Women in the Indian subcontinent are often associated with the smiling, singing and dancing actresses who appear in Bollywood films (Indian cinema). However, throughout history women in that region have played a significant role in the political, religious and cultural life of their society.
The contributions of these women are the subject of a symposium titled “Patronage and Power: Women Movers and Shakers in the Indian Subcontinent,” which will be held from 8:30 a.m. to 5:00 p.m. on Friday, April 20
, in the Members Room on the first floor of the Thomas Jefferson Building, 101 Independence Ave. S.E., Washington, D.C. The event is free and open to the public. Advance registration is not required. For a complete program of the day’s events, visit www.lcasianfriends.org/event/symposium
The symposium, which will explore the role that women have played and continue to play in different sectors of South Asian society, is hosted jointly by Rep. Chris Van Hollen (D-Md.), who will deliver welcoming remarks; the Library’s Asian Division; the Asian Division Friends Society; and the School of Advanced International Studies at The Johns Hopkins University. The event is made possible by the generous support of Walter and Mrinalini Andersen, Rama and Arun Deva, David Good of the Tata Group and Ranvir and Adarsh Trehan and the Trehan Foundation.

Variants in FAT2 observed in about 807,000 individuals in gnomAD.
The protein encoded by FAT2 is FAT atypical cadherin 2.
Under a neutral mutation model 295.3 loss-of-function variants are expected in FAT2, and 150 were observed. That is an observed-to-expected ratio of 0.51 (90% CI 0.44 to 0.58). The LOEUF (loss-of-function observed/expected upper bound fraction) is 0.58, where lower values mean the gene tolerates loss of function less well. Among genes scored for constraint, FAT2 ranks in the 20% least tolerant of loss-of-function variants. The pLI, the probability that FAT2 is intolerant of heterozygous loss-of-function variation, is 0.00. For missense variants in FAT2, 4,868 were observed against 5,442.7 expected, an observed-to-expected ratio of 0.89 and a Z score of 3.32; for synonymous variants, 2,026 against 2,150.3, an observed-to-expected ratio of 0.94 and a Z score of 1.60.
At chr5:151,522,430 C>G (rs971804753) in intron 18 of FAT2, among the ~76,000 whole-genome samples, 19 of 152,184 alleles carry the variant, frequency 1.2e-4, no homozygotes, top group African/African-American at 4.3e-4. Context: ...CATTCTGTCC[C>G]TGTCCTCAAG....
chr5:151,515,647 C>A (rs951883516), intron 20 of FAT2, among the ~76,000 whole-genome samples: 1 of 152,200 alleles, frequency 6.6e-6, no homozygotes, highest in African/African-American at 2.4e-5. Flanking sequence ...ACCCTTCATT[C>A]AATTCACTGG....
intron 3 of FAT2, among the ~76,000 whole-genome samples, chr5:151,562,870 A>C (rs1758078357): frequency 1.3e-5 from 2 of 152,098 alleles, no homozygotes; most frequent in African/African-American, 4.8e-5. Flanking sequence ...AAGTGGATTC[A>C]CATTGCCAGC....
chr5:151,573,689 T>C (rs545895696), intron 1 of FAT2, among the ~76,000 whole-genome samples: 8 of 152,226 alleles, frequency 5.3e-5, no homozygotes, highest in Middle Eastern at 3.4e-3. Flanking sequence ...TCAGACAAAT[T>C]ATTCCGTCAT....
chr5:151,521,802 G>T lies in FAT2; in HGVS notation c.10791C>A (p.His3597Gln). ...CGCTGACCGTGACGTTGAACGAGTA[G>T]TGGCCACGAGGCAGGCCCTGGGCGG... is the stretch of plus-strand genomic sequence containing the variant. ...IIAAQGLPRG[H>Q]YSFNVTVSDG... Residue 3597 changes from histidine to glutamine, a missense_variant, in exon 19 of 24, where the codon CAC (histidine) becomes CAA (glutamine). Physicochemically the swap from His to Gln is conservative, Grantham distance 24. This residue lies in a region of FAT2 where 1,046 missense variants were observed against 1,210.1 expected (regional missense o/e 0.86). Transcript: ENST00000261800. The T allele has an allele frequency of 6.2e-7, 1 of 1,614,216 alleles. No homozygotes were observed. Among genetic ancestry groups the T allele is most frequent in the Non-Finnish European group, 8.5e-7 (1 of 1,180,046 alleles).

Leading scholars will address topics such as women and religion, Begums and Maharanis (female rulers and nobility), women leaders in India’s independence struggle, and women and art.
Speakers and moderators include Molly Emma Aitken, historian of South Asian art at Columbia University; Debra Diamond, associate curator of South and Southeast Asian art at the Freer and Sackler Galleries; Geraldine Forbes, Distinguished Teaching Professor in the Department of History at the State University of New York at Oswego; Smita Jassal, anthropologist and professor of gender and development studies at Columbia and American Universities; Padma Kaimal, associate professor of art and art history at Colgate University; Nancy Martin, associate professor of Religious Studies and Griset Lecturer in Ethics at Chapman University; Rachel McDermott, chair of the Asian and Middle Eastern Cultures Department at Columbia University; John McLeod, chair of the Department of History at the University of Louisville; Laurie Patton, chair of the Department of Religion at Emory University; Barbara Ramusack, professor of history at the University of Cincinnati; Kenneth Robbins, scholar of Indian history and art; and Zeenut Ziad, professor of economics and author of “The Magnificent Mughals.”
In conjunction with the symposium, a special display on women in Indian art and history drawn from the Library’s Asian Division collections will be on view in the Asian Reading Room from 8:30 a.m. to 5:00 p.m. on April 20. The curators of the display are Allen Thrasher and Nuzhat Khatoon of the Library’s South Asian Reference Team.